• using throat lozenges
  • gargling warm salt water

Learn more about how to treat tonsillitis at home.

Peritonsillar abscess is the most common deep infection of the head and neck. It is most prevalent among young adults.

Peritonsillar abscess commonly causes sore throat and fever. In some cases, a person may develop a headache from the condition.

Other symptoms can include:

  • earache
  • painful swallowing
  • difficulty swallowing
  • malaise
  • drooling
  • muffled voice
  • foul-smelling breath
  • trismus, also called lockjaw

Read more about peritonsillar abscess.

Treatment

A person should seek medical treatment for this condition.

A doctor may drain the abscess and put a person on antibiotic therapy. They might also prescribe a pain-relieving medication.

A surgical procedure called a tonsillectomy may be necessary to remove the abscess.

Throat cancer can develop in different locations within the throat. Where the cancer develops can affect the symptoms that a person experiences. Some people may experience a sore throat that does not go away and headaches.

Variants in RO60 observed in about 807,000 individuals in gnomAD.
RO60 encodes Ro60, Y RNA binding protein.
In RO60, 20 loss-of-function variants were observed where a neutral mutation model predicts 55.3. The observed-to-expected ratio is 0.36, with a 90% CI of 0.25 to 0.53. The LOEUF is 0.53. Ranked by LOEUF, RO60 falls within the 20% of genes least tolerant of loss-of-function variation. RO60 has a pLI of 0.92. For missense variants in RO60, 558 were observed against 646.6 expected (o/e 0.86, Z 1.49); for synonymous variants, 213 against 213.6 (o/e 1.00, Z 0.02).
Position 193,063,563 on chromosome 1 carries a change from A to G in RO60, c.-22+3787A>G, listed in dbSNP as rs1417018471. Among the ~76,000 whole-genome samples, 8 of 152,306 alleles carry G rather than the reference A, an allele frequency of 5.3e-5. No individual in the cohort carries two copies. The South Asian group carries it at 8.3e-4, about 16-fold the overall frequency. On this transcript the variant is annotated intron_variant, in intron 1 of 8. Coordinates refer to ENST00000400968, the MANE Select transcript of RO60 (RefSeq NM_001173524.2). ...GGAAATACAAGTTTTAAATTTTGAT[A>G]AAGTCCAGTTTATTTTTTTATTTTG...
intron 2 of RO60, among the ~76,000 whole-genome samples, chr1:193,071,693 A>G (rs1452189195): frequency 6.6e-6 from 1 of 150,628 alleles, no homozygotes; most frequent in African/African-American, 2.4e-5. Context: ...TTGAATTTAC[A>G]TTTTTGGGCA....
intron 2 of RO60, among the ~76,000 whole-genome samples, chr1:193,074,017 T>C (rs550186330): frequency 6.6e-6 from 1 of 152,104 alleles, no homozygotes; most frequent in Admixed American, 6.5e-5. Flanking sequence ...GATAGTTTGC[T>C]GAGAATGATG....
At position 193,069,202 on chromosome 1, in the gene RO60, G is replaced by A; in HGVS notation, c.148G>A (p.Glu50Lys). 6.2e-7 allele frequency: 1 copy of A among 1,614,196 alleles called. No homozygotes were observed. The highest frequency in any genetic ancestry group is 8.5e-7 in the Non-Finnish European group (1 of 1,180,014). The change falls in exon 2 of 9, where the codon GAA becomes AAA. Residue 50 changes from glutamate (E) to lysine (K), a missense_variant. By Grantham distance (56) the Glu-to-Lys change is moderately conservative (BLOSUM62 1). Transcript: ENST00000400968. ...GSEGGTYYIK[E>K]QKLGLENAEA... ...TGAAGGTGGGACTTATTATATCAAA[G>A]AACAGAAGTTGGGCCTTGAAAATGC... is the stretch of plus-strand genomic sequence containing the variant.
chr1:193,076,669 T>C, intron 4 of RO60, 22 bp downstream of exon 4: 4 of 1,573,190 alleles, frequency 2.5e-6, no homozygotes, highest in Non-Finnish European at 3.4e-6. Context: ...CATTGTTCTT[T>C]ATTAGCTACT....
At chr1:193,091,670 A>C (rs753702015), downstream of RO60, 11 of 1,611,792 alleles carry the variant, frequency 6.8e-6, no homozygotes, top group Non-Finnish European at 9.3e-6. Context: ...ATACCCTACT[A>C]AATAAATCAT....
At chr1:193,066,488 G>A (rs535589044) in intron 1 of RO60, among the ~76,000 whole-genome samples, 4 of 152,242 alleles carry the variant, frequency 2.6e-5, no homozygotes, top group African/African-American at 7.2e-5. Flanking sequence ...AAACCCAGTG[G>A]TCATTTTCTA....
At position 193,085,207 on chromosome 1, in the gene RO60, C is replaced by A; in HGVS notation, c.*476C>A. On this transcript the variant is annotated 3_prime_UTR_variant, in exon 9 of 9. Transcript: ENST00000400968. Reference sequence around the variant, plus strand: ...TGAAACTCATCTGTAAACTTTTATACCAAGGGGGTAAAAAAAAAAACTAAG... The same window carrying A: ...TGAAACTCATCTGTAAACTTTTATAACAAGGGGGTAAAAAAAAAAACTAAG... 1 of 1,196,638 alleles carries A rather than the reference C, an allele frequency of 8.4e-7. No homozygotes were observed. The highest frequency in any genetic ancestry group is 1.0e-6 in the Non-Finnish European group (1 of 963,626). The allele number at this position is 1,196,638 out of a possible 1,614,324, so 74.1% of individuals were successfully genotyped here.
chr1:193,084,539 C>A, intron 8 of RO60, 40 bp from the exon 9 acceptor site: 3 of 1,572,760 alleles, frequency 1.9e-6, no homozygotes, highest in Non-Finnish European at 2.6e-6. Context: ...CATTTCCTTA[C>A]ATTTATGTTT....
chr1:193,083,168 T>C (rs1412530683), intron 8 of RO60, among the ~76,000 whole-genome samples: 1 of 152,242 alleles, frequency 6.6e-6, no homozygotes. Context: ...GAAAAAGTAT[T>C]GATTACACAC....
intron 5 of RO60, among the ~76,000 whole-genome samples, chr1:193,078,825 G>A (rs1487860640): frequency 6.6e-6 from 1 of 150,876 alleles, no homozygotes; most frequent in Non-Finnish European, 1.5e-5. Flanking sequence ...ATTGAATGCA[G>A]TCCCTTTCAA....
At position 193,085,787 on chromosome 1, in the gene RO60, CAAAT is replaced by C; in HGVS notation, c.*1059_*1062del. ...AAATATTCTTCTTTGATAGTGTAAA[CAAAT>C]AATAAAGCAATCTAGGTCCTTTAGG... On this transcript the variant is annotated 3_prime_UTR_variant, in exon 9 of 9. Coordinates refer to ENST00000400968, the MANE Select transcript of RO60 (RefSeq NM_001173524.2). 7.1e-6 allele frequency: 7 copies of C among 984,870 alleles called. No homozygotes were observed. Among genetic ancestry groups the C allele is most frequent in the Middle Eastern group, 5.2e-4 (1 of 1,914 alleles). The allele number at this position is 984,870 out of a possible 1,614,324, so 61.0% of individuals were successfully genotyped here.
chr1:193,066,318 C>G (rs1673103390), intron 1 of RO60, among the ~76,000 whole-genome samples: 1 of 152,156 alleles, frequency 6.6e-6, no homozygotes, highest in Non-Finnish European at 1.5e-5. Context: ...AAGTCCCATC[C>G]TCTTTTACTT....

Other symptoms can include:

  • constant coughing
  • painful swallowing
  • difficulty swallowing
  • ear pain
  • difficulty breathing
  • unintentional weight loss
  • a lump in the neck

Find out more about throat cancer here.

Treatment

If the cancer has not spread, and the tumor is small, treatment may include radiation therapy or surgery.

For locally advanced lesions, doctors use a combination of radiation therapy and chemotherapy. Surgery may or may not be an additional option.

The treatment options for children with a sore throat and headache will depend on their age and the cause of these symptoms.

Parents and caregivers should carefully read all instructions on OTC medications. They should provide dose sizes based on either weight or age.